A massive influx of Rites have appeared between 1959 through today, yet only one reigns supreme. The latest acknowledged Rite masterpiece is Pina Bausch’s 1975 creation. As a talented dancer from Germany, Bausch traveled from Europe to America back to Europe at an early age, training her body and mind to various ballet and modern dance techniques. In 1972, Bausch decided to form her own movement language, and she finally settled in Germany as the artistic director of the Wuppertal Opera, which would later serve as her own company, Tanztheater Wuppertal Pina Bausch (Abrams). Along with a handful of impressive theatrical dances, Bausch created her last full-length and full-dance piece, Frühlingsopfer (The Rite of Spring) for Tanztheater Wuppertal. It combines the expressionist freedom of the German Tanztheater dance principals and the elegant fluidity of emotions from ballet; yet, it is impressively unlike Tanztheater and ballet. Some claim that it is the “70’s feminist ‘fuck you’ to Nijinsky,” while others boldly state that it is the definitive Rite of the twentieth century (Meisner). The entire structure of Bausch’s Rite, like Béjart’s and Nijinsky’s, is unique because rather than using the external impulse from the music, it explores the inner impulse of the dancers as they vibrate and pulsate on the peat soil thrown across the stage. And through her unique dance language, Bausch’s Rite successfully connects humans back to nature.
The German philosophy, Immanuel Kant, was indispensable to the study of aesthetics. Kant’s Critique of Judgment provides a vital observation on fine art and the artists that make fine art. In regards to dance, Kant has little consideration for it in Critique of Judgment. Supposing certain dance pieces from specific dance forms follow Kant’s rules for fine art then dance can be measured by Kantian philosophy. The categories of free beauty and dependent beauty from section XVI are essential in order to consider dance a part of fine art and, subsequently, dance pieces as creations of genius. The issue with dance, however, is that it is so closely paired to music, classical music in most cases of dance works such as Rite; therefore, can dance be classified as a free beauty when it is twice removed from the original source—nature—since it follows after classical music, an acknowledge free beauty? Also, in its essence dance choreography should be classified as free beauty, unattached to concepts and universally beautiful in all movements. Yet, with numerous dance forms created by different peoples, dance can become a dependent beauty attached to various structured styles and techniques, with language added to music, containing characters for the plot of the dance, etc. Likewise, the audience will always bend dance from free beauty to dependent beauty at the will of their minds during a live performance, crafting stories that do not intentionally exist.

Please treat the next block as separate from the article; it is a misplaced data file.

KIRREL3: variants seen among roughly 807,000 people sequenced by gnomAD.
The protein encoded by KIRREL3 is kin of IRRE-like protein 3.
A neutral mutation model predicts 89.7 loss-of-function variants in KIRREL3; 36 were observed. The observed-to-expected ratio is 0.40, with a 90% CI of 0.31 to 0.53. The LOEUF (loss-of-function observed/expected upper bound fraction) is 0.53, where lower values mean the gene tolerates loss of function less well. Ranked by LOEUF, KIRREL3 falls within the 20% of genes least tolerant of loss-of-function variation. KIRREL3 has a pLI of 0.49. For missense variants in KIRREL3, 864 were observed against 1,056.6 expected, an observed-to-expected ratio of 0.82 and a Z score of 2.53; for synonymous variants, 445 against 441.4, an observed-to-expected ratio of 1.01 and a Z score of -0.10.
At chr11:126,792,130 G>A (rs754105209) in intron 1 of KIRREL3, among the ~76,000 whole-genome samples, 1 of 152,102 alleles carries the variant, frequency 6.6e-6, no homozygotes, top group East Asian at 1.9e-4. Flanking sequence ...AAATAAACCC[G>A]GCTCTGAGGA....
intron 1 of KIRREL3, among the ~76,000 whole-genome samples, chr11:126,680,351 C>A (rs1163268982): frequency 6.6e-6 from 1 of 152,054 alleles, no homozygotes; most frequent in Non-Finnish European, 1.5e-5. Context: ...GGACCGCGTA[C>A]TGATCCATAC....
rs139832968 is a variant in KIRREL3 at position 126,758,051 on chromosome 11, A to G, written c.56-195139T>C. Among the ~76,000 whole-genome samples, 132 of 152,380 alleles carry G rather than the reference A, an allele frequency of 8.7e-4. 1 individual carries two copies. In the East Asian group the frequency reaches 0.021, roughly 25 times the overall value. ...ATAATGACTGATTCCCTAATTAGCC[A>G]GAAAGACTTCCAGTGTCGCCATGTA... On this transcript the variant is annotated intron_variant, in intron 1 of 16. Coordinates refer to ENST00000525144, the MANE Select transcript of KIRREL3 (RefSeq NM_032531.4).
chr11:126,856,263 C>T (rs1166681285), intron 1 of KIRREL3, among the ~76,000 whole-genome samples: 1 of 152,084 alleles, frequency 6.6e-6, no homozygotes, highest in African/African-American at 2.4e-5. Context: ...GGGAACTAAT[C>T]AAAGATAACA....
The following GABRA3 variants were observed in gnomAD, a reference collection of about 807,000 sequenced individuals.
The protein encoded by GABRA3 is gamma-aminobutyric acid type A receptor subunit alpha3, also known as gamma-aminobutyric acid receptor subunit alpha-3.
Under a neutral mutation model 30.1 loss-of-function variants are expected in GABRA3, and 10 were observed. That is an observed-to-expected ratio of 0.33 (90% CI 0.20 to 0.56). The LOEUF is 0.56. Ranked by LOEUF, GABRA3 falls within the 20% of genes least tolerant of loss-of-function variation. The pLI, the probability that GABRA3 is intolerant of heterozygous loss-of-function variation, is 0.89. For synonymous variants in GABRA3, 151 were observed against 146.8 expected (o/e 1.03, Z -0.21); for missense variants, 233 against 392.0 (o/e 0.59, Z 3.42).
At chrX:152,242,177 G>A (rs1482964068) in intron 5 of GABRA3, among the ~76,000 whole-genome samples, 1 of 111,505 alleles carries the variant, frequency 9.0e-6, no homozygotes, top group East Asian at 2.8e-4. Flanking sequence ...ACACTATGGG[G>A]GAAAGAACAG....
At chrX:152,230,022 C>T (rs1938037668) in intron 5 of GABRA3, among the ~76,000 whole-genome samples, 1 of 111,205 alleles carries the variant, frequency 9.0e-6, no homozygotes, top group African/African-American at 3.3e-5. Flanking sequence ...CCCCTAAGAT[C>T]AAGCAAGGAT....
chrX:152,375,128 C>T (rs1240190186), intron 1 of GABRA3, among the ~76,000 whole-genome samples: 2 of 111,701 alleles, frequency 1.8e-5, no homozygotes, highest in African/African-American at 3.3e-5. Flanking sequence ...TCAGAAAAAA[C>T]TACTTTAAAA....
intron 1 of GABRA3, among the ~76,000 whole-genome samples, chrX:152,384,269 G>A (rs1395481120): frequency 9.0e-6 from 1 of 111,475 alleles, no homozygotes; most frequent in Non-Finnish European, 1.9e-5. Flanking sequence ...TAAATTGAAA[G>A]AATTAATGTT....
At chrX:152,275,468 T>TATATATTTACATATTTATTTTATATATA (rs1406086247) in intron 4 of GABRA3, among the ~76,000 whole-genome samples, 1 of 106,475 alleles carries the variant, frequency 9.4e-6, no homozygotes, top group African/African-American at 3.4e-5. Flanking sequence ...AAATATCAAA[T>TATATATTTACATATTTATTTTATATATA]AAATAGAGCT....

Along with free and dependent beauty, Kant also connects fine art works to the notion of the genius in sections XLVI and XLVII. The notion of the genius is unequivocally part of the dance world, because extraordinary masterpieces in dance are created and acknowledge every decade. Kant’s accordance of genius is a simple regulation for fine art; a great artist either creates a beautiful masterpiece or he/she does not. Masterpieces from geniuses are original, emblematic, different; there are examples of this in dance, especially Western dance. Hence, genius is not limited to the visual arts; to not classify dance works and choreographers under the guidelines of genius is unjust.